A Degree Apprenticeship interview is different from a normal job interview. Given the level of commitment that is needed from both apprentice and employer, there’s a bit more at stake. An employer will be investing in training costs for the duration of the degree so they’re looking for someone who is enthusiastic and passionate about the role and the industry. They’ll want to hire a career-minded individual who can deal with responsibility, balance work and study, and who will, ideally, stay with the company long after gaining their qualification.
At LJMU we’ve been working closely with Degree Apprentice employers so we’ve gained some insight into what they are looking for in candidates. If you follow these top tips, you’ll be in a good position to land a Degree Apprenticeship.
1. Do your research
The interviewer is bound to ask you what you know about the company and what you understand about the role. There’s no reason to be unprepared for these questions. Re-read the job description and be able to explain how you are the right person for the opportunity. Carry out research on the company’s website so you understand what services they offer, what projects they are involved in, their history, etc. Be aware that sometimes companies have multiple websites, with their corporate sites separate from their customer-facing ones.
2. Know yourself
Sounds pretty straightforward but some people find it difficult to ‘sell themselves’. So when the ‘tell me about yourself’ question comes up, it can be one of the hardest to answer. The best way to prepare for this is to read over your CV and cover letter so you can draw on specific examples of your achievements, interests and goals.
3. Look your best
Don’t show up to an interview in what you assume to be acceptable clothing for a particular industry. No matter how relaxed a company might be once you work for them, it’s best to make an effort for the interview. Wear business/office clothing and you can’t really go wrong.
4. Act professional
Employers tell us apprentices can approach an interview a bit too casually. Remember the interviewers are your future managers and colleagues, not your friends, at least not at this stage, so treat them accordingly. Shake hands when meeting and parting, be polite, keep your answers professional (don’t stray into the danger zone of ‘too much information’), maintain eye contact, smile, and remember to say thanks at the end of the interview. It’s also worth checking your online presence beforehand to make sure there are no ‘compromising’ photos of you on social media.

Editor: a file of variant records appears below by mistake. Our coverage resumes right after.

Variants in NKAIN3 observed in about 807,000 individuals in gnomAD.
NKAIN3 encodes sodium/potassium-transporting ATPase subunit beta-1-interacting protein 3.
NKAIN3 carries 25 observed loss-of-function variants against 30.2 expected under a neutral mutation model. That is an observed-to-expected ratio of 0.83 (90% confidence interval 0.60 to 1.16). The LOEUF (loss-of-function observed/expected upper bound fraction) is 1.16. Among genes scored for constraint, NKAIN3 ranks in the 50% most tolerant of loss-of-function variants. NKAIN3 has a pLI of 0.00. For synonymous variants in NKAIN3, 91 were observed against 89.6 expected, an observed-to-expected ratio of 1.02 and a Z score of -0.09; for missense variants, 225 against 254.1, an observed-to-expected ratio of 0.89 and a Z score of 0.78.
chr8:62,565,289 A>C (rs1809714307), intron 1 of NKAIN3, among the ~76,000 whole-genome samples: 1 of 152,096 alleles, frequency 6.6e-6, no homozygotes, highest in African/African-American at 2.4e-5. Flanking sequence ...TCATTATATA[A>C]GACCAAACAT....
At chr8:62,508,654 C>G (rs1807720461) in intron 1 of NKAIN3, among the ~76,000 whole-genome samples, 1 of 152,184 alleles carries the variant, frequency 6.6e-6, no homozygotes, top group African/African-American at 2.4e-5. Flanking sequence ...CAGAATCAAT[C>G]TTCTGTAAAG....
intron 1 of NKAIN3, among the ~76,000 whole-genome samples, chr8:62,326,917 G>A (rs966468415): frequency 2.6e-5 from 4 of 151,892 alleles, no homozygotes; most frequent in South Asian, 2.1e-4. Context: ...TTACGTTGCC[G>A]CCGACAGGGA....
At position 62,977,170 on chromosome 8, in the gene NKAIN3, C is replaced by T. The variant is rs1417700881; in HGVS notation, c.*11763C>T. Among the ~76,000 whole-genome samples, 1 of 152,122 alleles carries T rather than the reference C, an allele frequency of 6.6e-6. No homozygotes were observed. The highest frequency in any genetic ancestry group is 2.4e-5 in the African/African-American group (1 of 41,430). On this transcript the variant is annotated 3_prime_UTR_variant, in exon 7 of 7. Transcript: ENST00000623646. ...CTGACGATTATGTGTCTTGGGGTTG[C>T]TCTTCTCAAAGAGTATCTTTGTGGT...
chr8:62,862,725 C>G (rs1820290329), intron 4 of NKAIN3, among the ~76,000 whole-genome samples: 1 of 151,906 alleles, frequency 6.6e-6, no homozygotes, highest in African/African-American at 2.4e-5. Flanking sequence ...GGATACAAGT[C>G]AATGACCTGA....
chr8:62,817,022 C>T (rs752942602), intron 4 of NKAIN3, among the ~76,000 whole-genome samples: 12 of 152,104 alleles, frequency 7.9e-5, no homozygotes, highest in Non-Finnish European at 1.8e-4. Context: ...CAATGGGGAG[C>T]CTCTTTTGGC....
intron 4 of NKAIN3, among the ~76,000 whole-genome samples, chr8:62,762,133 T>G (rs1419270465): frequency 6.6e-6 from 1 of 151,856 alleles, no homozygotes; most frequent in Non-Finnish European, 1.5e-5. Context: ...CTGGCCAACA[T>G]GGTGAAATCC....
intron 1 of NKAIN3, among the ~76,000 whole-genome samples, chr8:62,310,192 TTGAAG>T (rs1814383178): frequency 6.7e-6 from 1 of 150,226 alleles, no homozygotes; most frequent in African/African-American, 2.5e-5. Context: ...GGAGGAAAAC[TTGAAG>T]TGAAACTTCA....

It’s natural to be nervous. Most of the time, interviewers do the talking first, explaining the role, etc. which gives you a bit of time to try to control your nerves and consider your responses. Take a deep breath before you answer a question, it’ll calm you down and give you a chance to think. Sit upright as it’ll improve your breathing and make you feel more confident.
6. Be positive
The spotlight is on you during an interview but that doesn’t have to be an uncomfortable situation. Show your enthusiasm and keep your answers positive. With a positive outlook you’ll feel better about yourself and this will come across to the interviewer.
7. Ask questions
Interviewees tend to forget that this process is a two-way street. While the employer wants to find out if you are a good fit for the role, you want to know that it’s a good fit for you too. This is especially important considering that a Degree Apprenticeship requires a big commitment. You’ll be committing to working for the company for at least the number of years required to gain your qualification and likely some time after you’re qualified. Take this opportunity to find out what you need to know about the company and role in order to make a sound decision.
8. Plan for the day
When it comes to being prepared for your interview slot, be sure to know where it is, when it is, and who will be carrying out the interview. Plan your journey so that you arrive early and find out who you need to ask for when you arrive. Showing up late to an interview will most likely count against you, no matter how apologetic you are.
9. Stand out
You don’t need to do anything drastic to make an impression, just think about some experience or skills you have that might set you apart from the competition. Perhaps you’ve done some volunteering or part-time work that relates to the role, try to emphasise this when answering questions.
Practice for your interview
Here are some typical interview questions to help you prepare. Have a friend ask you the questions and get them to give you feedback. Or why not video it so you can review it yourself?
Questions employers might ask at an interview:
Why do you want to work with us?
Questions you could ask at an interview:
What will be my day-to-day responsibilities?
Image: Interview – Ethan/Flickr under CC BY 2.0